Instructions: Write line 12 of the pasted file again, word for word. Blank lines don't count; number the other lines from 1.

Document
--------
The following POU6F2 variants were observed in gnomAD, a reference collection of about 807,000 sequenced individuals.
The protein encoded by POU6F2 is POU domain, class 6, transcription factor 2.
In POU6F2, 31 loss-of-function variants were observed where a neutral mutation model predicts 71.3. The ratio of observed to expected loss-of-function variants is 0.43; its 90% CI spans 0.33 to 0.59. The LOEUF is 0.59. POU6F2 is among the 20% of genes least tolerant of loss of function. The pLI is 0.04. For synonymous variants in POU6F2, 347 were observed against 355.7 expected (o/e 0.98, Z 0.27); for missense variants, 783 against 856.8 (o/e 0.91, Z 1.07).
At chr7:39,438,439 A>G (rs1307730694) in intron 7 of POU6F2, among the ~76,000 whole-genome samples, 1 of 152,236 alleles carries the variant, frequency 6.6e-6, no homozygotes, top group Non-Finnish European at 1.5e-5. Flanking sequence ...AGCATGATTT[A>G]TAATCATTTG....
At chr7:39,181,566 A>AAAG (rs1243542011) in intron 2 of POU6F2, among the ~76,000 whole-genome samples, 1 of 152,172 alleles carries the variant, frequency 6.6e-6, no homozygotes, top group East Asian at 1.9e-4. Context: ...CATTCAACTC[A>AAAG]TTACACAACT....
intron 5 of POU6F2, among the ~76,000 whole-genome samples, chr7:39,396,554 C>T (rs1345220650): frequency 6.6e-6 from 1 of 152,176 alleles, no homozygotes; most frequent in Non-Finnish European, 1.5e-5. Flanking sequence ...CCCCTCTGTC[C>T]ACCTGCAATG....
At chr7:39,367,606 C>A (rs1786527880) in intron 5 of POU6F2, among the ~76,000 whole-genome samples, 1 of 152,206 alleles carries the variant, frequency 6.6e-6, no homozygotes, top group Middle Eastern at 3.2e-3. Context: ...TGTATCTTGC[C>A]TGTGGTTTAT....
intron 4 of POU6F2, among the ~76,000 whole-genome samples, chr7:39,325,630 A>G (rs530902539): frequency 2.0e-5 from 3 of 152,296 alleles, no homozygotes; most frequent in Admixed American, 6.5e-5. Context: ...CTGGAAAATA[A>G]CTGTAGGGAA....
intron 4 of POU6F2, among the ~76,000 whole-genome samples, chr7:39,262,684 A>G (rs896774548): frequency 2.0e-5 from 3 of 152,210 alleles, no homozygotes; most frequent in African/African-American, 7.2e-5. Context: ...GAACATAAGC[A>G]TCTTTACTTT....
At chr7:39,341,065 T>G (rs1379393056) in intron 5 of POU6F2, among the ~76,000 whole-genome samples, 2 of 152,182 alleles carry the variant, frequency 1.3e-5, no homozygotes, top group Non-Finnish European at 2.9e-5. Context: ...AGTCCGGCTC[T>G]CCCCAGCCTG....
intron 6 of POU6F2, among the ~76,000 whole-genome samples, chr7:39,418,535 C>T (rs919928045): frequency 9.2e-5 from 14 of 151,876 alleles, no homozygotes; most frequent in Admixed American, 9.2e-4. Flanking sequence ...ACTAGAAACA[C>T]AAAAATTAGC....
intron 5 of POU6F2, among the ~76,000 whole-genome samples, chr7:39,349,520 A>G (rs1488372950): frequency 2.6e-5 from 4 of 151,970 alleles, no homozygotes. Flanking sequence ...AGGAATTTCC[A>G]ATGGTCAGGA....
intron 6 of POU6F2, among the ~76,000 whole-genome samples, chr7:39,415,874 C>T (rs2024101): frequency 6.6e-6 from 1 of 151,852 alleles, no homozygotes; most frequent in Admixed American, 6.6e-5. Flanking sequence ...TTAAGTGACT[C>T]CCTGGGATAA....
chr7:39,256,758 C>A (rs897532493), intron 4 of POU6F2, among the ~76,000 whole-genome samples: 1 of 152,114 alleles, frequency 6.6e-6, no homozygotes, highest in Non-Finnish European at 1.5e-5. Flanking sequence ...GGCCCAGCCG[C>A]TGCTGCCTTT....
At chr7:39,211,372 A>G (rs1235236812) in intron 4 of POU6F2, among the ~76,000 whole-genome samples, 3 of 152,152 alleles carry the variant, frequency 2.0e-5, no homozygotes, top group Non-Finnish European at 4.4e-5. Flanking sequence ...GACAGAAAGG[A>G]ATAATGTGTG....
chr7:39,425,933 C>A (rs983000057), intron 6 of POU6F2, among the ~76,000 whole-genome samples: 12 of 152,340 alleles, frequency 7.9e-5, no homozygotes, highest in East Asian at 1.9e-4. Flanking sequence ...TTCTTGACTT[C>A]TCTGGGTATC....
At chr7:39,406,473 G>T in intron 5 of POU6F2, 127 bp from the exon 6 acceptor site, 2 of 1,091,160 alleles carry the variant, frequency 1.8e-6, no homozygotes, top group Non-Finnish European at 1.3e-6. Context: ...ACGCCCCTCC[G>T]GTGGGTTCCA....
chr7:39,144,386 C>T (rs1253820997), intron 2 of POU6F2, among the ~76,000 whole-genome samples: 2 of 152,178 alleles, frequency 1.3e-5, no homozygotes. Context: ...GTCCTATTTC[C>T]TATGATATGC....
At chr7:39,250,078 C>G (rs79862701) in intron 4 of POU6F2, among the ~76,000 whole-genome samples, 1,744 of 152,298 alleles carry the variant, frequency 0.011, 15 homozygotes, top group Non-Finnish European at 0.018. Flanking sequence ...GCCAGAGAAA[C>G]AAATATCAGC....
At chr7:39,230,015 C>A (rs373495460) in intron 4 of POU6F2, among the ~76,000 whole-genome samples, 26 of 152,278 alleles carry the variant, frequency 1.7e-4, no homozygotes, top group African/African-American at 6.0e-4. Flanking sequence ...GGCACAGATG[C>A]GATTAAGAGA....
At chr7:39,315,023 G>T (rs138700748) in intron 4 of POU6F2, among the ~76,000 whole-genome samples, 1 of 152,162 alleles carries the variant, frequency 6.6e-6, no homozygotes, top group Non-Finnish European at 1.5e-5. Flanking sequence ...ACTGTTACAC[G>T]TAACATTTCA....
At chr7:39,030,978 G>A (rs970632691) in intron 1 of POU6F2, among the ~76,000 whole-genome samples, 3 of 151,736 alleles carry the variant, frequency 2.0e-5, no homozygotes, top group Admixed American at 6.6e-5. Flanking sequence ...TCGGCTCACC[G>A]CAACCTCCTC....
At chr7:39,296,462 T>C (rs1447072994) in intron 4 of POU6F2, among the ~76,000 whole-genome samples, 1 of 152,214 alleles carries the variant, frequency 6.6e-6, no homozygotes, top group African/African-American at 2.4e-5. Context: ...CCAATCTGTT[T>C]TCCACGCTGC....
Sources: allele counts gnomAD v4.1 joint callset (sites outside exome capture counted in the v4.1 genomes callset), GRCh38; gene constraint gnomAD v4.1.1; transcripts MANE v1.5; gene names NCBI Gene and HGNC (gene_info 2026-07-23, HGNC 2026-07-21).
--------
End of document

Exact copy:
intron 5 of POU6F2, among the ~76,000 whole-genome samples, chr7:39,349,520 A>G (rs1488372950): frequency 2.6e-5 from 4 of 151,970 alleles, no homozygotes. Flanking sequence ...AGGAATTTCC[A>G]ATGGTCAGGA....